What Is A Quantum Computer? The 30,000 Foot Overview

Title slide from the quantum computing presentationCHAD ORZEL

I was part of a panel at the 2018 meeting of the National Association of Science Writers on communicating quantum physics, and they asked me to do a brief overview of the field suitable for non-physicists. In 10-12 minutes.

I ended up going for what I think of as the view from 30,000 feet, covering the basic physics principles that make quantum computers interesting. Having spent a bunch of effort making this, I’m both thinking of ways to re-purpose it for other venues, and typing up the following blog version of what I said at the panel:


My goal here is not to describe any specific quantum computer, because all the various platforms that are under development are really complicated, and would take too much time. Rather, my goal is to describe the fundamental physics that makes quantum computing powerful and an interesting topic to study. In very general terms, that boils down to a one-sentence description:

A quantum computer exploits properties of quantum physics to perform certain types of calculations more efficiently than any classical computer

Of course, like any field more complicated than digging holes and immediately filling them back in, this one-sentence description needs a bit of unpacking, starting with the “properties of quantum physics” in play here.

As always when talking quantum, the first property that comes into play is the idea of wave nature. Quantum physics tells us that everything in the universe, including material objects that we normally think of as particles, has wave nature. The wave character of an electron picks out particular energy states for an electron inside an atom– you don’t go too terribly wrong if you imagine this as analogous to the standing-wave modes you see for sound waves in an organ pipe or on a guitar string.

These special states are the conceptual justification of the Bohr model of electrons in atoms, in which an electron can only be found in certain states of well-defined energy. Electrons move between these states by absorbing or emitting photons of light, with the light frequency corresponding to the energy difference between the initial and final states. (The actual states aren’t literally planetary-style orbits as in the actual Bohr model, but the conceptual picture isn’t wrong.)

What does this have to do with computing? Well, a quantum system with discrete states lets you pick out two of those states and call one of them “|0>” and the other “|1>” and treat them as the two states of a binary bit. You can drive this bit back and forth between states by applying light of the appropriate frequency, so these can form the base elements needed to do computation.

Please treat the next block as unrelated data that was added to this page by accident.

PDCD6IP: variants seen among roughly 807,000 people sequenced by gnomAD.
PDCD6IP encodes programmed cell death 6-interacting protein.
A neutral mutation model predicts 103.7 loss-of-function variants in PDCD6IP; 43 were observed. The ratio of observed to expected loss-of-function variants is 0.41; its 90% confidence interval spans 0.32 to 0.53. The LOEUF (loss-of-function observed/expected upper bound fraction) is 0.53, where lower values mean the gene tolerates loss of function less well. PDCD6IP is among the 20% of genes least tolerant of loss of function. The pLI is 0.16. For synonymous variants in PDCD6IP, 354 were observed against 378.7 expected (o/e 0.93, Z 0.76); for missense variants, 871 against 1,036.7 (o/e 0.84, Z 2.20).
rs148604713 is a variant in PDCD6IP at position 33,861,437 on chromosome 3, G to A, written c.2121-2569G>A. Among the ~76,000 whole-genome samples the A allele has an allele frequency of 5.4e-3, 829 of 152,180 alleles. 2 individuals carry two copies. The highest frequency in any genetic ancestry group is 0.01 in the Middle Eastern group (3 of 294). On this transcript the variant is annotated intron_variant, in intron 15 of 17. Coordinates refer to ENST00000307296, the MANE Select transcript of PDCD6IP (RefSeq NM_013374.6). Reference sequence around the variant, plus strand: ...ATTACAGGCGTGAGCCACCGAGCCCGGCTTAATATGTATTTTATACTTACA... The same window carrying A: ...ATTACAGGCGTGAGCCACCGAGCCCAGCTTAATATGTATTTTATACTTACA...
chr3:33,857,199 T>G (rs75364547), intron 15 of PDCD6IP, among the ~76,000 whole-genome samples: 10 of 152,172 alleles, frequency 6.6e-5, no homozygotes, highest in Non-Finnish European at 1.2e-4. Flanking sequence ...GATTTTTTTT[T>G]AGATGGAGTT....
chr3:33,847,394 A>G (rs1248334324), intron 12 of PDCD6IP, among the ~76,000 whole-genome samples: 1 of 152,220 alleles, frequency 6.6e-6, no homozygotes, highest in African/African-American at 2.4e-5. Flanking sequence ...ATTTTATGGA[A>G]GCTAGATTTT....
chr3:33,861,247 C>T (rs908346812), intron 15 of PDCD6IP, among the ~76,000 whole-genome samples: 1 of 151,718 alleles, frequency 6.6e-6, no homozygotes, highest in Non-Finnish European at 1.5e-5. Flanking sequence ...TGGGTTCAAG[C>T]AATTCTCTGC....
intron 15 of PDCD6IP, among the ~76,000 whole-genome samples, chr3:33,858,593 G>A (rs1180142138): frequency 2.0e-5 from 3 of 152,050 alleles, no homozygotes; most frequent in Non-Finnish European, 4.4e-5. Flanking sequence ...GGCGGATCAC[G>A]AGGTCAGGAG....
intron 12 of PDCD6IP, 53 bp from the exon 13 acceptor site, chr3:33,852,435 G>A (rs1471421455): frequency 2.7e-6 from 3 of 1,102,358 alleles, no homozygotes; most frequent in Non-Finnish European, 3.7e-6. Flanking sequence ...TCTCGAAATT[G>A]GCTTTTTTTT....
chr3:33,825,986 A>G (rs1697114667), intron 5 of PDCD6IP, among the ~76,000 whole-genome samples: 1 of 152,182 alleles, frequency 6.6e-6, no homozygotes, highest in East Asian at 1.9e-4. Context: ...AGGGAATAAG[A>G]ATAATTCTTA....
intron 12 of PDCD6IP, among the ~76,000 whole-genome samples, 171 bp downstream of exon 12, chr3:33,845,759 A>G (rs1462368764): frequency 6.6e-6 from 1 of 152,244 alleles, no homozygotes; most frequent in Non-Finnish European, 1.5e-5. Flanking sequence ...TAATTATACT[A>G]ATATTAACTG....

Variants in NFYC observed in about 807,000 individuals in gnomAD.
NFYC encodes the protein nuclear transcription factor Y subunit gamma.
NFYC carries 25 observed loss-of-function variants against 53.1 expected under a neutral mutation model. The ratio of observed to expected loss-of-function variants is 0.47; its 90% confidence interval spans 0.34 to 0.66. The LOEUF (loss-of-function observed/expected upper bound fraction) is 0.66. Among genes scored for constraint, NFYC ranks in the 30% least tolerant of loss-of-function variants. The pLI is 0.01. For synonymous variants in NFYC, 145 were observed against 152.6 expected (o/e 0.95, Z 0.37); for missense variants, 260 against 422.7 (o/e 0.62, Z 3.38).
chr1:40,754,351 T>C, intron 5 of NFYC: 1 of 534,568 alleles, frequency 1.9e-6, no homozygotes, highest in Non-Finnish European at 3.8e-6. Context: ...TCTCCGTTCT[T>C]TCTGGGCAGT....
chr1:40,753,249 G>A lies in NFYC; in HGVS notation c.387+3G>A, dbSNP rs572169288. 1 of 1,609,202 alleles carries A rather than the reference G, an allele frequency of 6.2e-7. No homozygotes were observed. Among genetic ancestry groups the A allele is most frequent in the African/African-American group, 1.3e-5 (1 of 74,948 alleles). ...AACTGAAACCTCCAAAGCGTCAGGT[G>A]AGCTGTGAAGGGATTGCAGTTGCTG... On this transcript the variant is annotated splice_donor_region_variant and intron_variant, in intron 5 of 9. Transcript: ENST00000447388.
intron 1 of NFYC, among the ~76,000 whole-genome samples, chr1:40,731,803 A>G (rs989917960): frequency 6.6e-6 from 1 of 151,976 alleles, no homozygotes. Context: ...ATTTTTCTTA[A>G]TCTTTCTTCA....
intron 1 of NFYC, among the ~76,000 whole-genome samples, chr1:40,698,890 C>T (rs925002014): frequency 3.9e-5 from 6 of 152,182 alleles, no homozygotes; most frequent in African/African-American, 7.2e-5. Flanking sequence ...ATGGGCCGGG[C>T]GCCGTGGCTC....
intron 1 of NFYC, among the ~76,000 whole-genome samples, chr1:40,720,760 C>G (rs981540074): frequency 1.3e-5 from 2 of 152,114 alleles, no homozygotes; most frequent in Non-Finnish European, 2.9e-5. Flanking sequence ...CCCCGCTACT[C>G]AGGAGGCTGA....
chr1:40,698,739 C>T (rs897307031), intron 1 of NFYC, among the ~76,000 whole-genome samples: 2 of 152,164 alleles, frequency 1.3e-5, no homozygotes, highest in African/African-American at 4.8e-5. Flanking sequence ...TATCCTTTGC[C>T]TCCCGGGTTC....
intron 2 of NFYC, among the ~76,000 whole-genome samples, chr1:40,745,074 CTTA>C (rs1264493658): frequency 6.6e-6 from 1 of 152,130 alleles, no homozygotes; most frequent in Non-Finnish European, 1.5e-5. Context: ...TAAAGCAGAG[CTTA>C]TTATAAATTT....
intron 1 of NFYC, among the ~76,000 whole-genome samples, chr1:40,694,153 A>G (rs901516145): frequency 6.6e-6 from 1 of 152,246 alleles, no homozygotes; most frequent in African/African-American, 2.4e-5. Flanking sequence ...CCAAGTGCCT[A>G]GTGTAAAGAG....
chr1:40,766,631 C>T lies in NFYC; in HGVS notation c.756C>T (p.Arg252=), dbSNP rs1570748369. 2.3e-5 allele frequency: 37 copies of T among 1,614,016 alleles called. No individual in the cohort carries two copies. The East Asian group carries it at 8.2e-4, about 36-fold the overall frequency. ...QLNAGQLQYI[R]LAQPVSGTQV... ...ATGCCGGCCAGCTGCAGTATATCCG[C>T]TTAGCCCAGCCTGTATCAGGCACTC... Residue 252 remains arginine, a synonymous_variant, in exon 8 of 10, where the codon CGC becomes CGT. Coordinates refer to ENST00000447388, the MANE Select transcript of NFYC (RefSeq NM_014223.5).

Waves and a jumping fish, highlighting some of the superposed wave patterns.CHAD ORZEL

Of course, if this were the only thing quantum physics had to offer, nobody would be interested in quantum computing. The wave nature of everything, though, leads to another interesting property that’s characteristic of waves. If you look at a picture of waves like the vacation photo shown above, you can identify multiple discrete wave patterns: there are several sets of concentric rings where something broke the surface of the water at a particular point, and also a larger pattern of straight-line waves running diagonally across the photo.

If you pick a random bit of water, such as the orange box highlighted, you can’t associate that element of water with a single wave. It’s affected by all of these patterns at the same time. That’s a very general property of waves, and carries over to quantum objects: they can be in multiple wave-like states at the same time.

This superposition property leads to some problems, as in the infamous Schrodinger Cat thought experiment with a boxed feline that’s both alive and dead. It’s the second property exploited for quantum computing, though: a qubit is not restricted to being either 0 or 1, but can be a superposition of both |0> and |1> at the same time. At the end of the computation, you’ll measure it to be one or the other, but during the computation process the exact state is indeterminate, and contains bits of both.

The ambiguous Necker cube and the two states it can resolve into.CHAD ORZEL

This two-things-at-once situation seems really strange, but if you’ve ever tried to learn three-dimensional drawing, you’ve seen a nice visualization of this: the Necker cube. You can see one of these wire-frame cubes as either facing up and to the right, or down and to the left, and with a bit of effort you can make your brain flip back and forth between the two. The unshaded cube is a mix of the two states, both up-and-right and down-and-left, in a manner analogous to the |0>-and-|1> superposition of a qubit.

This ambiguous cube also provides a nice way to illustrate the third property of quantum objects exploited for quantum computing, which is the idea of entanglement. If you put two Necker cubes side-by-side, you get a pair of objects whose individual states are indeterminate– both up-and-right and down-and-left at the same time– but where each is guaranteed to be the same as the other. You can’t really get your brain to see the cube pair in a split state where they face in different directions.

A pair of Necker cubes as a metaphor for entanglement.CHAD ORZEL